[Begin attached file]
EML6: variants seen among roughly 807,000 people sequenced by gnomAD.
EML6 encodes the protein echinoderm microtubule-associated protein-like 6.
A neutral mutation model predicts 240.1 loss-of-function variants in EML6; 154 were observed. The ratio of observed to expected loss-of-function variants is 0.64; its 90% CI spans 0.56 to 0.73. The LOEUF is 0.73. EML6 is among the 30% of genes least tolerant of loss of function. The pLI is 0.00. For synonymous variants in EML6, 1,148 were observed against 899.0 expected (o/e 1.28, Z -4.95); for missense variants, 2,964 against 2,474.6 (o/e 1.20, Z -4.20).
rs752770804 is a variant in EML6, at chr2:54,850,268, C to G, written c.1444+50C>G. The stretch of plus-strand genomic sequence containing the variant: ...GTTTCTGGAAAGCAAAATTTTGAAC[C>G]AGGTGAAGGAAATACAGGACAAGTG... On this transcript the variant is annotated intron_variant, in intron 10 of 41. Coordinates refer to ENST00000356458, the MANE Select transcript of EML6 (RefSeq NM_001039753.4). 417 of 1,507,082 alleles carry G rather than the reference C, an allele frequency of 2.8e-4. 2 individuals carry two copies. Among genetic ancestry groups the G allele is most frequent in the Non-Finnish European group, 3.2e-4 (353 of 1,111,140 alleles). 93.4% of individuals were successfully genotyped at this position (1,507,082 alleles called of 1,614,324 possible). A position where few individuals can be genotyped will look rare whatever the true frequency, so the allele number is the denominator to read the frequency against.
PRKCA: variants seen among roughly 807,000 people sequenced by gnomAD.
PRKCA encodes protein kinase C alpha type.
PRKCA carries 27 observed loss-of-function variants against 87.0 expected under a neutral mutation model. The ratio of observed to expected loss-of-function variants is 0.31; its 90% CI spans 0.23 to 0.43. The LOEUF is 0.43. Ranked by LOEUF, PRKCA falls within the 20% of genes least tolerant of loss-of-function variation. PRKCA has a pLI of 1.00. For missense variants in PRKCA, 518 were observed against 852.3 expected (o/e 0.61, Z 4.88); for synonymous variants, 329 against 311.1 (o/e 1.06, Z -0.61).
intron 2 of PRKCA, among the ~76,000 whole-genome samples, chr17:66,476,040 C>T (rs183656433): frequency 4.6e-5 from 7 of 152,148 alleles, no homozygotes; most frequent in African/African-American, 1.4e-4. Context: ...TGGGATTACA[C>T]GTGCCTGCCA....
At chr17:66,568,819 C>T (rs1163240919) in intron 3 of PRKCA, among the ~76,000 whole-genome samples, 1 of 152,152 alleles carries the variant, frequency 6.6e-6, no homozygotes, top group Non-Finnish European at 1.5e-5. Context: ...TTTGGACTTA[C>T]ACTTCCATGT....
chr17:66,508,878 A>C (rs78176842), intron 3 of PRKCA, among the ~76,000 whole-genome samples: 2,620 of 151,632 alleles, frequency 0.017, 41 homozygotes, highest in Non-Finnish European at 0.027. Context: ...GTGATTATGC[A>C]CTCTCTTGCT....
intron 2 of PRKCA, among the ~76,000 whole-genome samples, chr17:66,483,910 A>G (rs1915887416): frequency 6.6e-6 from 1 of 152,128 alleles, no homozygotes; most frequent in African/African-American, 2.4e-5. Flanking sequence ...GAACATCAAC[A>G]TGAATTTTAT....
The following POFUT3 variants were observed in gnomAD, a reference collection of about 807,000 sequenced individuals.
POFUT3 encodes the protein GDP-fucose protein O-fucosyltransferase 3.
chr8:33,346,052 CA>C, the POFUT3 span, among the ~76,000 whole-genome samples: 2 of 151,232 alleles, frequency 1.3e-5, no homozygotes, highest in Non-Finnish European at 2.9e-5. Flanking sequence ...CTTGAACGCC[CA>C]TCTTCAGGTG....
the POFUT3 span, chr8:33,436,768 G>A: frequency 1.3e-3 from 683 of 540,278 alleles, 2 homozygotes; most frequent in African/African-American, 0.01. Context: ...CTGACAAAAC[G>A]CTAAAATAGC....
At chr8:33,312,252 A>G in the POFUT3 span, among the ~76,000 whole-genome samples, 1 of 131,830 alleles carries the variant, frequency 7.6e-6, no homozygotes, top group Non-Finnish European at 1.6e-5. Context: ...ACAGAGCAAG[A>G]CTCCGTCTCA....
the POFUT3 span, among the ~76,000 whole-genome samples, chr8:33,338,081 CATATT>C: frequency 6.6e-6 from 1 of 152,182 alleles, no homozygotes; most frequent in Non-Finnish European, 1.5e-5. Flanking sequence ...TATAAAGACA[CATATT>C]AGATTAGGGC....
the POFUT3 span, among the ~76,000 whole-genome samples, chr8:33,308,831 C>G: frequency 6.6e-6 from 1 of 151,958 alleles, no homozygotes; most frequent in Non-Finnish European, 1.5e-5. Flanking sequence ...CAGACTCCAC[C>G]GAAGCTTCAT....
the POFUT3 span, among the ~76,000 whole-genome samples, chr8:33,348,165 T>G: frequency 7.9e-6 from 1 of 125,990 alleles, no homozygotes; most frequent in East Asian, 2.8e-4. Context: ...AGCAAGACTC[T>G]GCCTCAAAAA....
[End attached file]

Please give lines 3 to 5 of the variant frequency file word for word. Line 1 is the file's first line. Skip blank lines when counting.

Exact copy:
A neutral mutation model predicts 240.1 loss-of-function variants in EML6; 154 were observed. The ratio of observed to expected loss-of-function variants is 0.64; its 90% CI spans 0.56 to 0.73. The LOEUF is 0.73. EML6 is among the 30% of genes least tolerant of loss of function. The pLI is 0.00. For synonymous variants in EML6, 1,148 were observed against 899.0 expected (o/e 1.28, Z -4.95); for missense variants, 2,964 against 2,474.6 (o/e 1.20, Z -4.20).
rs752770804 is a variant in EML6, at chr2:54,850,268, C to G, written c.1444+50C>G. The stretch of plus-strand genomic sequence containing the variant: ...GTTTCTGGAAAGCAAAATTTTGAAC[C>G]AGGTGAAGGAAATACAGGACAAGTG... On this transcript the variant is annotated intron_variant, in intron 10 of 41. Coordinates refer to ENST00000356458, the MANE Select transcript of EML6 (RefSeq NM_001039753.4). 417 of 1,507,082 alleles carry G rather than the reference C, an allele frequency of 2.8e-4. 2 individuals carry two copies. Among genetic ancestry groups the G allele is most frequent in the Non-Finnish European group, 3.2e-4 (353 of 1,111,140 alleles). 93.4% of individuals were successfully genotyped at this position (1,507,082 alleles called of 1,614,324 possible). A position where few individuals can be genotyped will look rare whatever the true frequency, so the allele number is the denominator to read the frequency against.
PRKCA: variants seen among roughly 807,000 people sequenced by gnomAD.